Generalitat de Catalunya. Departament d'Educació


Being connected is very important in our society. We need that in order to organize our information and use it in our everyday life. Read the following text where the need to disconnect from this constant link to information is present.
How can one disconnect in today’s world, and why would one want to anyway?
Disconnecting, or switching off, is tremendously important. It’s good to take time out not only to have a break and feel the wind in your hair, but also to gain some distance from, and therefore perspective on, a problem or issue which needs dealing with.
We always bang on about the wonders of the 24/7/365 world, and the fact that learning can take place anytime and anywhere. But I also think we have an obligation to tell students that taking a break is not merely OK to do, but necessary... but how?
Switch Your Phone Off: Obviously, if you’re worried about not being able to be contacted if there’s an emergency, this isn’t feasible. In that case, try…
Put your phone on flight mode: If you don’t need to be able to take calls, but can’t bear the thought of being parted from the wonderful functionality of your phone, set it to flight mode. You will still be able to use it as a camera, play crosswords on it, or even read your Kindle book.
Turn Twitter off: I used to have Twitter on all the time, but if you keep being distracted by interesting-looking messages, you can waste an awful lot of time. Maybe “waste” is not the right word, but if you’re trying to meet a deadline then stopping every few minutes to take part in, or listen in on, a conversation is not necessarily the most sensible use of time.
Turn your email off: What you can do to avoid being distracted by incoming messages is to check it only at certain times of the day.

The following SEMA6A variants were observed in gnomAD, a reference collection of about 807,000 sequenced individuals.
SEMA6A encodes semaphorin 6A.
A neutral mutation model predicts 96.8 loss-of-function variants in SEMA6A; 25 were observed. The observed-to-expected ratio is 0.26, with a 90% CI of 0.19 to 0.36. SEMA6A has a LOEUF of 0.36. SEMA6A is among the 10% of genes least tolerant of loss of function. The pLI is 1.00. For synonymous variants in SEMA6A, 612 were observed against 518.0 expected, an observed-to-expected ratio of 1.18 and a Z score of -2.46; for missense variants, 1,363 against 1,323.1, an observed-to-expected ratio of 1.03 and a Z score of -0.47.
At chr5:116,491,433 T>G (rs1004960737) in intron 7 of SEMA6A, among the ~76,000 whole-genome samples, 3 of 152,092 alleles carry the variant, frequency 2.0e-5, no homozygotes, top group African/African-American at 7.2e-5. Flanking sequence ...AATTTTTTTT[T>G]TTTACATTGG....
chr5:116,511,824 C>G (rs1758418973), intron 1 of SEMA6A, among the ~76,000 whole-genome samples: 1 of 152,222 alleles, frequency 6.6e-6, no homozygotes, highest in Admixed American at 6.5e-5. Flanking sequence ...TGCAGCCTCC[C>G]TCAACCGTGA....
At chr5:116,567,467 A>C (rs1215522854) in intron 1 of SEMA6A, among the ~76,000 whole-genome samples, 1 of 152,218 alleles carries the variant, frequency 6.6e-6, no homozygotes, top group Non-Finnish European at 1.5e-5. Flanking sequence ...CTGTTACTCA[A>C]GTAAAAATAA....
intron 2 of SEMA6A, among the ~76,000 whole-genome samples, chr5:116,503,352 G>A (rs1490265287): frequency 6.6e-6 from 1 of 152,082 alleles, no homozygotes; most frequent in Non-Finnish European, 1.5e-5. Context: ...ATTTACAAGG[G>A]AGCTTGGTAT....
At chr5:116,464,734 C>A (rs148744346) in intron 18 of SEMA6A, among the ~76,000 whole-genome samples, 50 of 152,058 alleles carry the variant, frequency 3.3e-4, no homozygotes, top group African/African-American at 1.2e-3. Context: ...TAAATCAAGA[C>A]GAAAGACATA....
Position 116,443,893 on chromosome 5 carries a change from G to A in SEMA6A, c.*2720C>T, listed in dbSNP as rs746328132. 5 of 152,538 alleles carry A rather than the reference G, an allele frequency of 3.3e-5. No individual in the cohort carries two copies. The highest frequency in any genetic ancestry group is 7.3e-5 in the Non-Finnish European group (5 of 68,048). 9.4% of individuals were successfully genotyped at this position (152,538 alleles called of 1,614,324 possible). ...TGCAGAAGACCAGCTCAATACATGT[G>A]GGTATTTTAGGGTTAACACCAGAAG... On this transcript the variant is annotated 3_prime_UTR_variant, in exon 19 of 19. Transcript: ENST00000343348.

Work offline: If you need to refer to email messages in order to actually do the work, then work offline. It means you can still read emails, and even write emails, but not send or receive any until you go back online.
Send and receive emails at longer intervals: There is a bit of a danger in working offline: it’s easy to forget that you’ve done so, and end up wondering why you haven’t received a reply to any of your emails! A good compromise, then, is to change the length of time between email checking. Set your mail service to send and receive emails every 180 minutes.
Declare (and observe) non-work times: Switch your computer off on Friday evening, and start it again on Monday morning. The same goes for evenings. What do you do if you read an email at 9pm that makes you furious? Working past a certain hour can make it difficult to relax and sleep properly. Get Away From It All For A Day: Take a day off if you can, or spend one of your weekend or vacation days going somewhere nice, preferably somewhere you can’t get a signal!
You may ask the question, don’t I miss things because of switching off after a certain hour or at weekends? The answer is: undoubtedly. However, logically speaking, unless I stayed awake 24/7 staring at my computer or smartphone, I’d always miss something. I think what it comes in the end is a decision about costs and benefits: do you think the benefits of spending an extra hour taking part in a Twitter discussion, say, outweigh the costs in terms of time that you could have spent with your family or reading a book?
SOURCE: Some Ways Of Disconnecting In A Connected World, by Terry Freedman ->